January 06, 2021 2 Comments
Cold brew isn’t just a fancy type of coffee that you can get from third-wave cafés or by investing in expensive equipment.
In fact, we bet you already have all it takes: a humble French press.
Got it? Thought so!
Plus, we have great news: cold brew french press coffee is incredibly easy to make.
Yes, you can definitely make cold brew coffee with a French press.
It’s actually one of the best methods to make cold brew coffee in general, especially when you only want to prepare enough for yourself or a couple of lucky people.
The only other piece of equipment that we recommend grabbing (if you haven’t already got one) is a burr grinder: that way you can achieve the coarseness that works better for this method.
If you’re not sure how to find the right one for you, check our coffee grinder buying guide.
So, how to make cold brew french press coffee? You start with some very simple ingredients:
The reason why we recommend buying whole beans and grinding them coarsely is that this grind size slows down extraction.
Because cold brew french press coffee takes a lot longer than traditional hot-brewed drip, you can see why the usual medium-fine grounds could spoil it.
The quantities will change depending on how big your French press is.
What should never be altered is the cold brew French press ratio of 1:5.
This means that you must add 5 grams or ounces of water for every gram or ounce of coffee.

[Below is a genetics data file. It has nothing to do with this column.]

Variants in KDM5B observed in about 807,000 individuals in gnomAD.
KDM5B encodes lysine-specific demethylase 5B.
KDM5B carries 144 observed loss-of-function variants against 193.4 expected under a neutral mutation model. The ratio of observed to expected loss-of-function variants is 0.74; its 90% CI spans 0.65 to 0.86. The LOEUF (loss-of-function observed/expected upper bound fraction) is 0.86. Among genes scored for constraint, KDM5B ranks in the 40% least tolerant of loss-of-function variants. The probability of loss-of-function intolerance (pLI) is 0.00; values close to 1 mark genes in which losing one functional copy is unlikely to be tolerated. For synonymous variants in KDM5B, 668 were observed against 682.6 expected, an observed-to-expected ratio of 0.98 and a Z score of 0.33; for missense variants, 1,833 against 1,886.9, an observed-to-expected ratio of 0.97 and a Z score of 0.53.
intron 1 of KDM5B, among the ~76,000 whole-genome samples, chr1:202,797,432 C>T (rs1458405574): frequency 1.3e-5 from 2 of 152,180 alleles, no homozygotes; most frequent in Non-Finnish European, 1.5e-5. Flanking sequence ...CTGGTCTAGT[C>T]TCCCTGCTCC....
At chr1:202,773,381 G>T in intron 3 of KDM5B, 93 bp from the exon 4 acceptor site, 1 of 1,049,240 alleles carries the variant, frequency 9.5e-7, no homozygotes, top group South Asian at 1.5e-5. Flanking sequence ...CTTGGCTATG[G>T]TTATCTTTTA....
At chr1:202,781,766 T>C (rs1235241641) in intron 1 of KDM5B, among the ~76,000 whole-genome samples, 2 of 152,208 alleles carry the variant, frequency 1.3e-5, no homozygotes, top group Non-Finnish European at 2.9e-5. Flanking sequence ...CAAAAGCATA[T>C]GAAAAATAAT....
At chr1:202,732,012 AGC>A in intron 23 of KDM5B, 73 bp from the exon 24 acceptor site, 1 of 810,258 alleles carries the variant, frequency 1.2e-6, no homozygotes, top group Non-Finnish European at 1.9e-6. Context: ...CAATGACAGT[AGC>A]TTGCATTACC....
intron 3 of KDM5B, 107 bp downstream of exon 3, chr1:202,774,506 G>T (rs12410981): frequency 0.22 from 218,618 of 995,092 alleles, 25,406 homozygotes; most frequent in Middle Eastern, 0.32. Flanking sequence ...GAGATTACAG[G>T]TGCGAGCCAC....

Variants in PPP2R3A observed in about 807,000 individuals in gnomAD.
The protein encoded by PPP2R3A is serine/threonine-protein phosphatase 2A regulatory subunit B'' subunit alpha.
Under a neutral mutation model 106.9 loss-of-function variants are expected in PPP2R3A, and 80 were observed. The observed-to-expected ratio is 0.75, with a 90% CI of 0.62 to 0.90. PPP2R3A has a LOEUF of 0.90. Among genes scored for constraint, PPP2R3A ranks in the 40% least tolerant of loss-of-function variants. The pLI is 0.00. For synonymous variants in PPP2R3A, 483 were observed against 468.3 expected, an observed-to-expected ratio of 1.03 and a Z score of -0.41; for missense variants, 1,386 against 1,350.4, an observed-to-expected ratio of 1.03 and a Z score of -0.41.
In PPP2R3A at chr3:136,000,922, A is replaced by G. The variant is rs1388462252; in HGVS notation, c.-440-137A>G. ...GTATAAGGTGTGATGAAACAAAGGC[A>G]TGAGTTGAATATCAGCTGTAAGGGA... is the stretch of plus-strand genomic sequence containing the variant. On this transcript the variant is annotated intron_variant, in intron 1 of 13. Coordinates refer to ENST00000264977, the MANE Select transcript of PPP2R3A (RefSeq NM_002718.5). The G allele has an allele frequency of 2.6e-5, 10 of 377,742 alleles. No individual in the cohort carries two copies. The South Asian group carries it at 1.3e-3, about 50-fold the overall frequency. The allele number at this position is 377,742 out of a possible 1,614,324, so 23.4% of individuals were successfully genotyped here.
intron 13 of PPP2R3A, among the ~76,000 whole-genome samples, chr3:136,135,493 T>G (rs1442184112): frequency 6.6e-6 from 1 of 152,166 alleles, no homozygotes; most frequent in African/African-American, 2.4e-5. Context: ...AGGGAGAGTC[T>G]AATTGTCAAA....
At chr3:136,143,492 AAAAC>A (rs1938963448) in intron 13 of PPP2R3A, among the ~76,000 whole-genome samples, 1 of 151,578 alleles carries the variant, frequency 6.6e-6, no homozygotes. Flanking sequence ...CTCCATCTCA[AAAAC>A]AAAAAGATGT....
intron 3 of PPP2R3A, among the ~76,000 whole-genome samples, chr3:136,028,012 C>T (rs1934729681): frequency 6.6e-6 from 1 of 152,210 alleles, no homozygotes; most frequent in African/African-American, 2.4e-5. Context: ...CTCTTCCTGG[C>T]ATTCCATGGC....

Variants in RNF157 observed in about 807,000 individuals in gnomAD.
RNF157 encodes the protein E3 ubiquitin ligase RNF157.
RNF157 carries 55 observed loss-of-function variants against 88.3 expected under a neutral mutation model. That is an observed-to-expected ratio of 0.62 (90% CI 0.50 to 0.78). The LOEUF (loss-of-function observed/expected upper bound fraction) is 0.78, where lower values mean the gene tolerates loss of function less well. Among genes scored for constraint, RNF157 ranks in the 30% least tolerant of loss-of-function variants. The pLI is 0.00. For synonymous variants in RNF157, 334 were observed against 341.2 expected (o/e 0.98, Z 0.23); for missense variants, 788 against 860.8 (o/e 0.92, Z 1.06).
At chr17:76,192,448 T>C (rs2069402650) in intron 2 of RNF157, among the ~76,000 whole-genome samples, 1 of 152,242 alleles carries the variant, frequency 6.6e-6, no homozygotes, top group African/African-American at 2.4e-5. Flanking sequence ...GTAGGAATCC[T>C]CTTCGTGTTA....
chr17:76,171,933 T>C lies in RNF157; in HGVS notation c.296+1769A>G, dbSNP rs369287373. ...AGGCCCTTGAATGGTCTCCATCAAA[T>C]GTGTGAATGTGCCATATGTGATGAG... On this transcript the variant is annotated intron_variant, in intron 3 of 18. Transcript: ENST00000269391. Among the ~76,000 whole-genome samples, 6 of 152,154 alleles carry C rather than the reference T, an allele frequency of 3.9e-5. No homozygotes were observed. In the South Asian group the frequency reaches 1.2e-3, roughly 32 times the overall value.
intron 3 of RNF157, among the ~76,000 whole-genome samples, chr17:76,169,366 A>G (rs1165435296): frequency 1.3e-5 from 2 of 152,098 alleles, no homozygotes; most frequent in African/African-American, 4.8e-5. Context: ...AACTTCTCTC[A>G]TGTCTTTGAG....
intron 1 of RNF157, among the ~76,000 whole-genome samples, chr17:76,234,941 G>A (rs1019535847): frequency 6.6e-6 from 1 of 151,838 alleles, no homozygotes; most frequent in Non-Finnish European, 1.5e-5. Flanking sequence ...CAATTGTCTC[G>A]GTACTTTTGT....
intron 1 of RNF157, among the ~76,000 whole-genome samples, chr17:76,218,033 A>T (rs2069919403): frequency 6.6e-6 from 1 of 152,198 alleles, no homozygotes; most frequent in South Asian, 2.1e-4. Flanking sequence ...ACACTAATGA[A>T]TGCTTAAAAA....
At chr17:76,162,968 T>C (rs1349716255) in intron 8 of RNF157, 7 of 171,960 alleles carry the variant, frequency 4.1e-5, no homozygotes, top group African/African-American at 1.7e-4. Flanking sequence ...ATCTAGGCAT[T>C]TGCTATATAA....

An example? 4 oz of coarse grounds and 20 oz of cold water.
PRO TIP: if you want to impress everyone, try the bloom trick. It consists of replacing a third of your cold water with some hot water, pouring it onto the grounds in the French press, and letting them degas for half a minute before preceding with the next step.
This allows them to release all the trapped CO2 and gases that could spoil extraction.
Pour the cold water, stir it, cover it, but don’t press the plunger!
One of the benefits of cold brew french press coffee is that your equipment will fit in the fridge much more easily than with bulkier solutions.
Be sure to let it sit in there overnight for 14-16 hours.
When it’s cold brew french press o’clock, take it out of the fridge, press the plunger, and enjoy it.
If it tastes too strong, you can always add milk or water (aiming for a 1:1 ratio) or even ice cubes.
Knowing us, we’d probably drink all of it in one go. However, if you’d rather savor a little bit at a time, don’t worry: you can keep your cold brew French press coffee in the fridge for up to 10 days.
Learning how to make cold brew French press coffee can open up a whole new world of caffeinated possibilities: isn’t it just the most refreshing change in your usual coffee routine?
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